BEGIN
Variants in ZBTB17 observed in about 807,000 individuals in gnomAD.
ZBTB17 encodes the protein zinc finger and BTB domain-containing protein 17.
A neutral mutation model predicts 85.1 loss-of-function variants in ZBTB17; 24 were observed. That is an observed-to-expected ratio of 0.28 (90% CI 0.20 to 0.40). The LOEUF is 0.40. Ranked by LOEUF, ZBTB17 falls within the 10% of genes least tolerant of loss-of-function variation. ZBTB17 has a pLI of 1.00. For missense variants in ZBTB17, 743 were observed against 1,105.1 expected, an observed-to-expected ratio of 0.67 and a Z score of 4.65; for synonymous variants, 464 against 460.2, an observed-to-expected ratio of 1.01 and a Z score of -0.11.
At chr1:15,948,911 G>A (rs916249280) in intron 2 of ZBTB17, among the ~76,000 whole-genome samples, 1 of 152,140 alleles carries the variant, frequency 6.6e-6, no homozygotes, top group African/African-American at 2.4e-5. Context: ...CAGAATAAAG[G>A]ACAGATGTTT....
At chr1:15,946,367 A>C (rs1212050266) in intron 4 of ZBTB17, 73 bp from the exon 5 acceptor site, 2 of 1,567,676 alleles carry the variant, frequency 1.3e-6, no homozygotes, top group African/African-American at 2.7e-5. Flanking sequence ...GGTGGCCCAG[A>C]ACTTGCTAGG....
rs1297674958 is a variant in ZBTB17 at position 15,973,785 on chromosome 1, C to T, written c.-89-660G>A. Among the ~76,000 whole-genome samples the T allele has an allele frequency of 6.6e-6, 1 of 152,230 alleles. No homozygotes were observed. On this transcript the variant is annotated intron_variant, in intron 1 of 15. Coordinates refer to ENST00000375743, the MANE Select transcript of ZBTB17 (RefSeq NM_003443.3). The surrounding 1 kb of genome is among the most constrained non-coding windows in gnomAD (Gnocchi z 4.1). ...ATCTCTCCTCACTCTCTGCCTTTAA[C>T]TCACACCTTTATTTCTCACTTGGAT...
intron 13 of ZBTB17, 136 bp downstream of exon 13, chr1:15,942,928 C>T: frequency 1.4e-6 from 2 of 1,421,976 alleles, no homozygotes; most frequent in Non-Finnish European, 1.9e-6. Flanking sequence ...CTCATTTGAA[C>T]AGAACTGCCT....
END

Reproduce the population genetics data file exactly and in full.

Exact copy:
Variants in ZBTB17 observed in about 807,000 individuals in gnomAD.
ZBTB17 encodes the protein zinc finger and BTB domain-containing protein 17.
A neutral mutation model predicts 85.1 loss-of-function variants in ZBTB17; 24 were observed. That is an observed-to-expected ratio of 0.28 (90% CI 0.20 to 0.40). The LOEUF is 0.40. Ranked by LOEUF, ZBTB17 falls within the 10% of genes least tolerant of loss-of-function variation. ZBTB17 has a pLI of 1.00. For missense variants in ZBTB17, 743 were observed against 1,105.1 expected, an observed-to-expected ratio of 0.67 and a Z score of 4.65; for synonymous variants, 464 against 460.2, an observed-to-expected ratio of 1.01 and a Z score of -0.11.
At chr1:15,948,911 G>A (rs916249280) in intron 2 of ZBTB17, among the ~76,000 whole-genome samples, 1 of 152,140 alleles carries the variant, frequency 6.6e-6, no homozygotes, top group African/African-American at 2.4e-5. Context: ...CAGAATAAAG[G>A]ACAGATGTTT....
At chr1:15,946,367 A>C (rs1212050266) in intron 4 of ZBTB17, 73 bp from the exon 5 acceptor site, 2 of 1,567,676 alleles carry the variant, frequency 1.3e-6, no homozygotes, top group African/African-American at 2.7e-5. Flanking sequence ...GGTGGCCCAG[A>C]ACTTGCTAGG....
rs1297674958 is a variant in ZBTB17 at position 15,973,785 on chromosome 1, C to T, written c.-89-660G>A. Among the ~76,000 whole-genome samples the T allele has an allele frequency of 6.6e-6, 1 of 152,230 alleles. No homozygotes were observed. On this transcript the variant is annotated intron_variant, in intron 1 of 15. Coordinates refer to ENST00000375743, the MANE Select transcript of ZBTB17 (RefSeq NM_003443.3). The surrounding 1 kb of genome is among the most constrained non-coding windows in gnomAD (Gnocchi z 4.1). ...ATCTCTCCTCACTCTCTGCCTTTAA[C>T]TCACACCTTTATTTCTCACTTGGAT...
intron 13 of ZBTB17, 136 bp downstream of exon 13, chr1:15,942,928 C>T: frequency 1.4e-6 from 2 of 1,421,976 alleles, no homozygotes; most frequent in Non-Finnish European, 1.9e-6. Flanking sequence ...CTCATTTGAA[C>T]AGAACTGCCT....